There’s now more evidence of how a vegetarian lifestyle can be beneficial. But it’s not altogether convincing either.
In a British study of about 60,000 people, experts found that those who were vegetarian ran less of a risk of developing cancers of the blood, bladder, stomach, non-Hodgkin’s lymphoma, and multiple myeloma than the meat-eaters in the study.
Interestingly, this benefit didn’t include all forms of cancer. Bowel cancer was not impacted by the non-meat dietary habits.
The results for the most part don’t suggest a huge difference between the two groups. In meat-eaters, about 33 percent will develop cancer at some point during their lifetime. But for vegetarians, the risk reduction is only to about 29 percent.
The most striking difference only came in the case of a relatively rare type of cancer. The vegetarians were 75 percent less likely to develop multiple myeloma, a cancer in the plasma cells.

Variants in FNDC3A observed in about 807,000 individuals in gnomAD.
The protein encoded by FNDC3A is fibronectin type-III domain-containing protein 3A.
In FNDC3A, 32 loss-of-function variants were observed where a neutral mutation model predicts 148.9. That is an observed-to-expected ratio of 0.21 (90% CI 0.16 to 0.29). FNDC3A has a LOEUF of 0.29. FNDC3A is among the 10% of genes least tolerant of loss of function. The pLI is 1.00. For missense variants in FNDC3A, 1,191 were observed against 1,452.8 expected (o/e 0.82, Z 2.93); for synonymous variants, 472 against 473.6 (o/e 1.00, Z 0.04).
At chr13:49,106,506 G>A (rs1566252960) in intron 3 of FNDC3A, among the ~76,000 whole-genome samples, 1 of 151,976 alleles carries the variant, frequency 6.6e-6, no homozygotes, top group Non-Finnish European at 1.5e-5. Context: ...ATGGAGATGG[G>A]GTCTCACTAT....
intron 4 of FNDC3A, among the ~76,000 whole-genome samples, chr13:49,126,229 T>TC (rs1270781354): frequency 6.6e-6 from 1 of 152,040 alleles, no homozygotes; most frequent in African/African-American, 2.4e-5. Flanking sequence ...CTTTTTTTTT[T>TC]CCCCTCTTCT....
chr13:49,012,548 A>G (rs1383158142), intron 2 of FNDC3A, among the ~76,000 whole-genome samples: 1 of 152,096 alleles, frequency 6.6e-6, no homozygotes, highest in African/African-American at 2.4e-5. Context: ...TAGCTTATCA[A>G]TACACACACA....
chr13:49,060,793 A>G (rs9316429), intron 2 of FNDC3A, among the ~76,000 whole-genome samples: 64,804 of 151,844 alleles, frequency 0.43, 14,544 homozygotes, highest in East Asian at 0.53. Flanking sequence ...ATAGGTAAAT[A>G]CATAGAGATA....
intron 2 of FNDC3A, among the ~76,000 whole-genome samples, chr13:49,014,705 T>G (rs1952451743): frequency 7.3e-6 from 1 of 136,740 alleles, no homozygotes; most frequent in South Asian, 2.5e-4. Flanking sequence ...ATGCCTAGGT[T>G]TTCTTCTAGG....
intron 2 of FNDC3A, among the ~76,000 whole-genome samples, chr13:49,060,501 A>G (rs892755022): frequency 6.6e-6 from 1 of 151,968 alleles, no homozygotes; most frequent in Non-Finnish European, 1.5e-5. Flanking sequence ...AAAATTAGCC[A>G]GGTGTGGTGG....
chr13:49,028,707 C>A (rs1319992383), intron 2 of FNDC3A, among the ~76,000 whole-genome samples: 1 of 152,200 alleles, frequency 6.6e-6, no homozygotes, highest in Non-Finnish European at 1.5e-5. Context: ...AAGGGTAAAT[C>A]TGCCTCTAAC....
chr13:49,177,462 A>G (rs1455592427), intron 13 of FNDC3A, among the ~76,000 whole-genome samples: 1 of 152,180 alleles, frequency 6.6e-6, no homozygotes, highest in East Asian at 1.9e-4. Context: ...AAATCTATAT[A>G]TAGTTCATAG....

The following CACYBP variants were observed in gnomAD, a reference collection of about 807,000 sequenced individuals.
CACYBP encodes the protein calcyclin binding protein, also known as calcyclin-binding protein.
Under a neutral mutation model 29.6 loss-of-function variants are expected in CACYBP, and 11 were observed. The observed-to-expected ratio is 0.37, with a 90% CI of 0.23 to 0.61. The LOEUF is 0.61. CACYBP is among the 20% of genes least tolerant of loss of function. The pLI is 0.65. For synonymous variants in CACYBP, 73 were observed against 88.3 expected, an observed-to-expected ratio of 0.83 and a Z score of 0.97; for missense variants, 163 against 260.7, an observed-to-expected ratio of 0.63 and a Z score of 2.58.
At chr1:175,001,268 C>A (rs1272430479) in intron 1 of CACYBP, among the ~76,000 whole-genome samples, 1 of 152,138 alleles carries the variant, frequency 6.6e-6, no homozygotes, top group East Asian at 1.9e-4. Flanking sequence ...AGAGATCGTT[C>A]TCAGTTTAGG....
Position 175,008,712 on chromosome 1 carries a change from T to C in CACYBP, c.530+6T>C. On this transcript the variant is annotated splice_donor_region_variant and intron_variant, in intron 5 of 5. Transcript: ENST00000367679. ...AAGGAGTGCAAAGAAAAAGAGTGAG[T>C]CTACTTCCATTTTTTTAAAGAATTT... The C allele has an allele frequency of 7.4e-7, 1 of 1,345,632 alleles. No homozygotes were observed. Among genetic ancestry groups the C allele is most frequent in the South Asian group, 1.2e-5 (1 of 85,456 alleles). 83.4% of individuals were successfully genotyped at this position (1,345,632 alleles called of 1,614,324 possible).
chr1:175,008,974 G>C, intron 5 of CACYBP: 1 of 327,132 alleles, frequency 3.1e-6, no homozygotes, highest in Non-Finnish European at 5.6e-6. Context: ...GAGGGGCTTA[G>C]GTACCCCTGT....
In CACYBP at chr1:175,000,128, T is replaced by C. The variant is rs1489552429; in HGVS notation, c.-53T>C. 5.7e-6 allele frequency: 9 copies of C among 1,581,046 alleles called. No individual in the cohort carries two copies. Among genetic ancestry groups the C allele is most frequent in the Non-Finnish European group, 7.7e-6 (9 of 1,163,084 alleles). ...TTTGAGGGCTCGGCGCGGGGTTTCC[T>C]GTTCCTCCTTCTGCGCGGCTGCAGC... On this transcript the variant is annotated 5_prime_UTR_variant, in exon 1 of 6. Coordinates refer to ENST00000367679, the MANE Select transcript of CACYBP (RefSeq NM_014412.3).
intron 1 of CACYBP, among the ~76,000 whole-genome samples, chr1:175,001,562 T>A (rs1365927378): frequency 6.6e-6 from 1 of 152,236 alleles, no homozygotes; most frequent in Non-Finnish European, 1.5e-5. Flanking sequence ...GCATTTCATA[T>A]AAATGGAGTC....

In another case, fish-eaters and vegetarians were about a third less likely to develop stomach cancer as meat-eaters.
There’s some cruel irony in the researchers’ findings. One of the more common types of cancer is bowel cancer. It just so happens that vegetarians in the study group had a slightly higher rate of cancers of the colon and the rectum than their meat-eating counterparts. It was a statistically insignificant number, but it’s still an interesting twist.
“At the moment these findings are not strong enough to ask for particularly large changes in the diets of people following an average balanced diet,” says Professor Tim Key, the lead author of the study.